As a small island nation with a population of over 5 million but a land area of only 671 square kilometers, Singapore has been forced to focus on efficient resource consumption and reuse. Given its limited geography, Singapore has undertaken robust, integrated and long-term land use planning measures and is a recognized, international leader on sustainable development. Created in 2009, the Sustainable Singapore Blueprint set a number of environmental targets for the country to meet by 2030, including an ambitious goal of recycling 70 percent of its waste within that time horizon. The city-state’s performance on Wastewater Treatment, Access to Drinking Water, and Sanitation speaks to the potential of urban infrastructure to secure key elements of environmental health. Singapore scores 99.65 out of 100 for Wastewater Treatment. The world average, meanwhile, is 24.87. Notably, among the top 10 ranked countries, Singapore is also the top performer in Climate and Energy. However, the country is one of the worst performers on Fisheries, receiving a score of zero.
5. Czech Republic
Mostly surrounded by mountains, the Czech Republic maintains impressive protection for public lands. Nearly 14 percent of the country is designated a protected landscape area, and 1.52 percent is designated a national park. As a result of these policies, along with an article in its constitution that ensures “the protection of natural resources,” the Czech Republic scores high in Biodiversity and Habitat Protection, ranking 13th in the world. However, the country suffers from poor air quality. Average exposure to harmful particulate matter is very high – the Czech Republic ranks 162nd in average exposure to fine particulate matter (PM2.5, air pollutants that can penetrate human lung and blood tissue). Poor air quality could be a reason why the country has highest cancer rates in the European Union.
Afghanistan – ranked for the first time in the 2014 EPI – faces numerous environmental challenges. In Biodiversity and Habitat Protection, the country receives nearly the worst scores for terrestrial habitat protection, and a score of 0 out of 100 for critical species protection. Nearly 150 species of mammals and birds are listed at risk, but illegal poaching and hunting seems to be getting worse. Ongoing conflicts in the country certainly pose challenges to effective governance; however, a few signs of hope indicate that Afghanistan will improve its performance in the future. The percentage of households with access to clean drinking water went from 5 percent in 1991 to 61 percent in 2011. The Child Mortality score has also vastly improved, with a 38-percent improvement over the last decade.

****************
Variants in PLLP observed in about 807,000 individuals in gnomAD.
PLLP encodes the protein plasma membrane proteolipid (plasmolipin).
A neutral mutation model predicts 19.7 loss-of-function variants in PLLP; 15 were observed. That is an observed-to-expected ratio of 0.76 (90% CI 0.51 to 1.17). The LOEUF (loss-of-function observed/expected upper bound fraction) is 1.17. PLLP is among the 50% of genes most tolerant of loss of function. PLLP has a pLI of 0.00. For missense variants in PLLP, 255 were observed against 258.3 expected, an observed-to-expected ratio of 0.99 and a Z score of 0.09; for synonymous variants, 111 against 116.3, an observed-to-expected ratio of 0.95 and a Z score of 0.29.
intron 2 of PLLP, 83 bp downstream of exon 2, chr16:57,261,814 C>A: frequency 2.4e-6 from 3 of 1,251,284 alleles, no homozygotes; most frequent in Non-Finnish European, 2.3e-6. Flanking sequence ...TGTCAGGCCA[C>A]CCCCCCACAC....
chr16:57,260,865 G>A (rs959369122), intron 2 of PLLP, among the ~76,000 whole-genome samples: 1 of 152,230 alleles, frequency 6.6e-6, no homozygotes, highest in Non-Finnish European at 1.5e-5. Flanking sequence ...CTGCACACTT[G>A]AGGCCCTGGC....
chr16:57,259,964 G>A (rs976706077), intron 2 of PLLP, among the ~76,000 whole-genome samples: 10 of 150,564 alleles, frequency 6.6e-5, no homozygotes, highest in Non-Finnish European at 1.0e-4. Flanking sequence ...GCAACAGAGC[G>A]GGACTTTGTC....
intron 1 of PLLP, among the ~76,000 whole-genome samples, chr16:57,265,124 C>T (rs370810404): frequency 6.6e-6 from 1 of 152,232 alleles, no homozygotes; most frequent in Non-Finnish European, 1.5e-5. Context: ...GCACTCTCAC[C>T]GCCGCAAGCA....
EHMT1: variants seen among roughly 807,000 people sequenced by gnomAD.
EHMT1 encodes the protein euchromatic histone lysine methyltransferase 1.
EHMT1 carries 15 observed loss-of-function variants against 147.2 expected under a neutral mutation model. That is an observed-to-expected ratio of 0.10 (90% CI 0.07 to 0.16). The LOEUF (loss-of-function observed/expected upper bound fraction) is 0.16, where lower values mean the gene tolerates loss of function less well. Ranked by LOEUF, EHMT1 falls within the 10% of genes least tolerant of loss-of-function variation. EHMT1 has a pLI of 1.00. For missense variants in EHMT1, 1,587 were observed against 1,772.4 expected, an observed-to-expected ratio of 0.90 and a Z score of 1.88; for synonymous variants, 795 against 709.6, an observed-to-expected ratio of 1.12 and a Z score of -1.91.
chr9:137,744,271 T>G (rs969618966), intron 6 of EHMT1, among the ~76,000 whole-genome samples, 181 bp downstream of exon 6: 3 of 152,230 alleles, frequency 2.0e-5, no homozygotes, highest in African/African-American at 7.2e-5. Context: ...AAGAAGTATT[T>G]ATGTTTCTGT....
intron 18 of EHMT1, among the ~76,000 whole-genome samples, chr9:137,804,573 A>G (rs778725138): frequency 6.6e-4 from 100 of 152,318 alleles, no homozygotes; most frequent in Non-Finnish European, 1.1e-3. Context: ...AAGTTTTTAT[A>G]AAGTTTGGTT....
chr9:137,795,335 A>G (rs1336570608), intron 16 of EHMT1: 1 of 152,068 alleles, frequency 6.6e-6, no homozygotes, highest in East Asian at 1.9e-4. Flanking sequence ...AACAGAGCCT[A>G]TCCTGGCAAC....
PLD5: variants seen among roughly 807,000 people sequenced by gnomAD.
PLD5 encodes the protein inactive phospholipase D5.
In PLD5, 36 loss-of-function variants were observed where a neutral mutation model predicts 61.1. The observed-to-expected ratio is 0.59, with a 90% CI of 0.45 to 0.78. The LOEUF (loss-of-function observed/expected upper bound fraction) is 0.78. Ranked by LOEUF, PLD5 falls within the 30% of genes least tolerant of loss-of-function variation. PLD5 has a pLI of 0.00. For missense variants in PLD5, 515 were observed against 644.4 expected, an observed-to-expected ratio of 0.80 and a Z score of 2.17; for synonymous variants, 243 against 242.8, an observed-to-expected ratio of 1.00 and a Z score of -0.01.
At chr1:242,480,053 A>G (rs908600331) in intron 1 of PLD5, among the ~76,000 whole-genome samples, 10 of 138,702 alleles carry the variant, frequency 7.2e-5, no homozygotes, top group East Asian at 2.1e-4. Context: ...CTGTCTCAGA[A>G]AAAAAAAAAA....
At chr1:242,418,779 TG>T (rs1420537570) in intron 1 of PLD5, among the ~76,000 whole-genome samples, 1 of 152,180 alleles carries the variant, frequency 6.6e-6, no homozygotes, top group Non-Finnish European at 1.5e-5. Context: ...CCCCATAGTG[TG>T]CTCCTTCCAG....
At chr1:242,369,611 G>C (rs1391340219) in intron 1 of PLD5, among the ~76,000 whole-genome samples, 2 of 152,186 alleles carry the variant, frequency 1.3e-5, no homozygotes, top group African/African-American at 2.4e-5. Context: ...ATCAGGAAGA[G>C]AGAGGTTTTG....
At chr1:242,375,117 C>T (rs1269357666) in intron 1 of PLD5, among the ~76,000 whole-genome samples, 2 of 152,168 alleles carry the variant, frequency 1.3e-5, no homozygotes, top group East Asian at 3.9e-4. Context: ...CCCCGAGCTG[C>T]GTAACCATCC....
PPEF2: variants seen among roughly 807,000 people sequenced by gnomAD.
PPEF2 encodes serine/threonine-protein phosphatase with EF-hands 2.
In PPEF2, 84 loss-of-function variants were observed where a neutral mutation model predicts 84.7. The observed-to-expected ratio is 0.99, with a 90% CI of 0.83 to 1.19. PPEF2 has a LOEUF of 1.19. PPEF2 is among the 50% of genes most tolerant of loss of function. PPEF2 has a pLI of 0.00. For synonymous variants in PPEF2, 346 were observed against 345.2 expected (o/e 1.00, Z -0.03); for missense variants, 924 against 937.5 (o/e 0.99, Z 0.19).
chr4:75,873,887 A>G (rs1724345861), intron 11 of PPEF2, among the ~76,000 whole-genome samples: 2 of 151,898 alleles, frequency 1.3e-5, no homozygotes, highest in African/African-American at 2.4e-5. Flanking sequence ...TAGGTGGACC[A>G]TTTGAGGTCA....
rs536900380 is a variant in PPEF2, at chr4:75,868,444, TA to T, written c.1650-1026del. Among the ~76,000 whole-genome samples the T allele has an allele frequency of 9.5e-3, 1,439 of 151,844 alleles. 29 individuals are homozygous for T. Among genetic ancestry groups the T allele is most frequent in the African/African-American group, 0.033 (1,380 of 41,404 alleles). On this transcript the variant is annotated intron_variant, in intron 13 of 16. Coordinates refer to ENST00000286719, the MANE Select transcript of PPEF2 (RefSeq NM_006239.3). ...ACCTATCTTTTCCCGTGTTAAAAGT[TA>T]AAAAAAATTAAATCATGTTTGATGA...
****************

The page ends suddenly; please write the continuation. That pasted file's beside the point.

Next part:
Nearly two-thirds of the small African country’s income is derived from the agricultural sector, making natural resource management key to the country’s economic well-being. However, policy implementation is challenging due to capacity gaps at the individual and institutional levels. While Lesothos’s Environment Act of 2008 formally “make(s) provision for the projection and management of the environment and conservation and sustainable utilization of natural resources,” the benefits of such policies are not fully realized. Because Lesotho’s economy is highly resource dependent, one of the biggest sustainable development challenges for the country is addressing the poverty associated with land degradation caused by overexploitation and erosion. Lesotho scores poorly on the overall EPI due to poor Access to Drinking Water and Access to Sanitation, a high rate of deforestation, and very low levels of habitat and biodiversity protections. The UN Development Programme continues to work closely with the government of Lesotho on a variety of projects, including rural electrification through pilot solar installation programs and developing a sustainable land management model to address governance challenges.